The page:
Page 1456 - Week 05 - Wednesday, 6 May 2015

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First, I would like to thank Rosary primary for the invitation to attend their Anzac ceremony held at the lone pine tree on their school oval. I met members of the Australian armed forces and many members of the Rosary school community, including Lieutenant Colonel Paul Rogers, Squadron Leader Ric Peapell and parish priest Father Kieran. Father Bernie, who was a former military chaplain, also was in attendance.

As with last year, there was a great performance by the years 5 and 6 string ensemble—Maddy Jiang, Elisha Adisa, Natalie Neshev, Lucinda Peapell, Sara Blakey and James Northcote. It was good to see the respect shown by the representatives from each year level as they placed their respective wreaths, as part of the solemn ceremony that also included flag-raisers Patrick Bethune and Boyd Kelly. Indeed, the whole student body of Rosary primary showed exemplary discipline and respect during the ceremony.

Congratulations once again to Alison Marks and Philippa Brotchie, who coordinated the ceremony and the Rosary remembers Anzac display. Their organisation of this wonderful commemoration event sets a high benchmark for future events. Congratulations also to principal Maureen Doszpot and her enthusiastic admin and teaching staff for their commitment to Rosary primary and to the school community. It always makes it a pleasure to attend events at the school.

In the afternoon I attended the St Clare’s College school assembly, where I was invited to be one of the two speakers for their special Anzac tribute. I thank school principal Mr Paul Carroll, teachers, staff and students for inviting me to join the St Clare’s College community for this special occasion. My special thanks and congratulations go to Sarah Huntly, the defence transition coordinator, who did such a great job in organising this respectful commemoration.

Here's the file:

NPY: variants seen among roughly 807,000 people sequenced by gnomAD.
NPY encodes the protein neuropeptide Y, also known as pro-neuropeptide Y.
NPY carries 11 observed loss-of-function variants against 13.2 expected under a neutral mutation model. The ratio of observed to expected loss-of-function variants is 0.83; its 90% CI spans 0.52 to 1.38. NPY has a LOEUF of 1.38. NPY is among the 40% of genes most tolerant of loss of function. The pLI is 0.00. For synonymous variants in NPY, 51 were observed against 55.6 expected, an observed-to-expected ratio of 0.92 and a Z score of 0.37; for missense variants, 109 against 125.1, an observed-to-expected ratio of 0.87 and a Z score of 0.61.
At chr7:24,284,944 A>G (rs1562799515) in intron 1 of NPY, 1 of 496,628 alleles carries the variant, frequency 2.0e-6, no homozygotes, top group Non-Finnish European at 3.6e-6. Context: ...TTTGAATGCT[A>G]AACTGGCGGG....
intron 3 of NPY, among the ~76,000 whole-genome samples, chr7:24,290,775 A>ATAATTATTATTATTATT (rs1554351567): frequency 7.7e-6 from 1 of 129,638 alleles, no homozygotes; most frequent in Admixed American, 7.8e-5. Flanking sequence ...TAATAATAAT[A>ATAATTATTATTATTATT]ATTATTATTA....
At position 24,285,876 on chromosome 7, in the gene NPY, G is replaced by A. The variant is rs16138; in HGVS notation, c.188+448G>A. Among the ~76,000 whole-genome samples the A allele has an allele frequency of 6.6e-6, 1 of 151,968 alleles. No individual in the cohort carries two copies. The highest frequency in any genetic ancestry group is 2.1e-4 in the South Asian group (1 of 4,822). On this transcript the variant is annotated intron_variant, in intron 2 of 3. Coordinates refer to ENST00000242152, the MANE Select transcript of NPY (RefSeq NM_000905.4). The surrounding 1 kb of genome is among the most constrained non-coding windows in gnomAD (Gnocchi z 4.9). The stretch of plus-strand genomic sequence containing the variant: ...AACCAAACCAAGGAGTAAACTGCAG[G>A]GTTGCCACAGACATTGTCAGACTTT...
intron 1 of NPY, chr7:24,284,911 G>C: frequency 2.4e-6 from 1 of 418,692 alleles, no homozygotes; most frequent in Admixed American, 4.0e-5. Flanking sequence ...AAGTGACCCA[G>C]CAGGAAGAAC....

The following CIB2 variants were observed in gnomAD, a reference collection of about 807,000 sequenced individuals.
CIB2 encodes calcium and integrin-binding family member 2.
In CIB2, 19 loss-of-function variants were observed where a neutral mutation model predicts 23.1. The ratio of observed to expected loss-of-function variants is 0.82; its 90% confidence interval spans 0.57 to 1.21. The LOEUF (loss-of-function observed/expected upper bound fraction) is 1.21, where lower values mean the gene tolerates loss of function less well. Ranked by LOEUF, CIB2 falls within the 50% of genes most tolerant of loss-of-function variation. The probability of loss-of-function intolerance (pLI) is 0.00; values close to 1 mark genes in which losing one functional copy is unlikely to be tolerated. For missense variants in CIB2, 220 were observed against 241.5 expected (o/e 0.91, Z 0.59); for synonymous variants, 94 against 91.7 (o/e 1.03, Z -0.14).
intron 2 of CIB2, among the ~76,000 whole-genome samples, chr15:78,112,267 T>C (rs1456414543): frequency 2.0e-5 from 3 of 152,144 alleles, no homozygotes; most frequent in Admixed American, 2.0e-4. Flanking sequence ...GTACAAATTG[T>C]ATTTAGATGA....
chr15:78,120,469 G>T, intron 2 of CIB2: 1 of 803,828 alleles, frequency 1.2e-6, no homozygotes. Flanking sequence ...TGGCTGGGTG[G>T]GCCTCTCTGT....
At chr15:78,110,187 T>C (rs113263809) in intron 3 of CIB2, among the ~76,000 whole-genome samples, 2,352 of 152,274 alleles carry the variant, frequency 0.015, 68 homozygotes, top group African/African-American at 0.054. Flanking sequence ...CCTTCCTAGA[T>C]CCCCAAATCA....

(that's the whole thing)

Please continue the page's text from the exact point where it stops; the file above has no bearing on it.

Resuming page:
I was honoured to pay tribute to our Anzac servicemen and women and commemorate the 100th anniversary of the first landing at Gallipoli. Anzac Day is one of our most important national occasions as it marks the anniversary of the first major military action Australia and New Zealand fought during the First World War. This year is particularly special as it marks 100 years since the Anzac troops first landed at the Gallipoli Peninsula on 25 April 1915. The campaign endured for eight long months, during which time Australia lost an estimated 8,709 soldiers.

During this 50th anniversary year of St Clare’s College, I felt that it was fitting that I also talk about an often overlooked area of military history—that is, the significant contribution made by women and families during the war. I also note that St Clare’s College has quite a number of Defence Force families in the college community, and for those families the commemoration of the day obviously had extra significance.

The families of our Anzac solders—the mothers, wives and sisters—100 years ago played a critical support role for the men at the front and helped to pave the way towards gender equality in the workforce. Women, of course, made a huge contribution to the war effort not only on the battlefields as nurses but on the home front as well. From a population of around five million Australians in 1914, 416,809

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